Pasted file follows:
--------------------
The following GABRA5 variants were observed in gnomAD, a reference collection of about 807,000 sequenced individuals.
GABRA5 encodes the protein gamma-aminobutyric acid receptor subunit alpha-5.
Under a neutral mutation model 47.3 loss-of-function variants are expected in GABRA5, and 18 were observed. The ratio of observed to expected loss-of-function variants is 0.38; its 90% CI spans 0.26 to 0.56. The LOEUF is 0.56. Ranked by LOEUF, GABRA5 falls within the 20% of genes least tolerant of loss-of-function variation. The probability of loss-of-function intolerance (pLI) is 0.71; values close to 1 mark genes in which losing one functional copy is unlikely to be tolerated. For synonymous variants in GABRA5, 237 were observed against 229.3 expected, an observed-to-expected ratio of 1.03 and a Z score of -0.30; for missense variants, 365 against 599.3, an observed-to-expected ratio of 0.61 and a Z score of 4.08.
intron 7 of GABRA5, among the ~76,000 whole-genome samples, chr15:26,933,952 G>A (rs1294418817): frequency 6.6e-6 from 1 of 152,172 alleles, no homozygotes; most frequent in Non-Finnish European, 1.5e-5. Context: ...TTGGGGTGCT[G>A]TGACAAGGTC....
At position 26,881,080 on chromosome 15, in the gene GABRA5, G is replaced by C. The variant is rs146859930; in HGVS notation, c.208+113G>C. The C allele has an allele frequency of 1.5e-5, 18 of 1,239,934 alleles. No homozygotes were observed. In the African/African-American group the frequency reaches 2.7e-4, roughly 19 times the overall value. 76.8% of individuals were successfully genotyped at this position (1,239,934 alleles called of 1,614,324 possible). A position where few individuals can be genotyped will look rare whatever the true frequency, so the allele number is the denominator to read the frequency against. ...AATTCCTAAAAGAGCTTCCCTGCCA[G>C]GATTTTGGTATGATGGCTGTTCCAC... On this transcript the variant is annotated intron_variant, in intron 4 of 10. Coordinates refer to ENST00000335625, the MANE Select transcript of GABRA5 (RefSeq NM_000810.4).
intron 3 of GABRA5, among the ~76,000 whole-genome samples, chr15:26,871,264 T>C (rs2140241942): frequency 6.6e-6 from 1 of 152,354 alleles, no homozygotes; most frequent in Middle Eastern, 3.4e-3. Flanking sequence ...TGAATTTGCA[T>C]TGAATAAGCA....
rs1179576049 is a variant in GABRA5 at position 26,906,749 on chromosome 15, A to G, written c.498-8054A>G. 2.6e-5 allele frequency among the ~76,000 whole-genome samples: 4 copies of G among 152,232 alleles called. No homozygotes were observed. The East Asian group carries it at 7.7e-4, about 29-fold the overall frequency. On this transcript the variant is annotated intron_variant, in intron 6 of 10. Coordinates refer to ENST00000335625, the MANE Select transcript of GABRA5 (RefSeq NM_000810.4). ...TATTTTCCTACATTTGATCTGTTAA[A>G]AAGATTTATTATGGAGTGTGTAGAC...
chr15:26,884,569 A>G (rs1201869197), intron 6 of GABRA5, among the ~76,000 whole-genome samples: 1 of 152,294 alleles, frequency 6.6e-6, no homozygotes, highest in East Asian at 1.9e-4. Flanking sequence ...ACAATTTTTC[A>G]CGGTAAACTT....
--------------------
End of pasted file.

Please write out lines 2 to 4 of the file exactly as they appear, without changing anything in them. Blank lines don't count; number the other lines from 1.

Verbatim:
GABRA5 encodes the protein gamma-aminobutyric acid receptor subunit alpha-5.
Under a neutral mutation model 47.3 loss-of-function variants are expected in GABRA5, and 18 were observed. The ratio of observed to expected loss-of-function variants is 0.38; its 90% CI spans 0.26 to 0.56. The LOEUF is 0.56. Ranked by LOEUF, GABRA5 falls within the 20% of genes least tolerant of loss-of-function variation. The probability of loss-of-function intolerance (pLI) is 0.71; values close to 1 mark genes in which losing one functional copy is unlikely to be tolerated. For synonymous variants in GABRA5, 237 were observed against 229.3 expected, an observed-to-expected ratio of 1.03 and a Z score of -0.30; for missense variants, 365 against 599.3, an observed-to-expected ratio of 0.61 and a Z score of 4.08.
intron 7 of GABRA5, among the ~76,000 whole-genome samples, chr15:26,933,952 G>A (rs1294418817): frequency 6.6e-6 from 1 of 152,172 alleles, no homozygotes; most frequent in Non-Finnish European, 1.5e-5. Context: ...TTGGGGTGCT[G>A]TGACAAGGTC....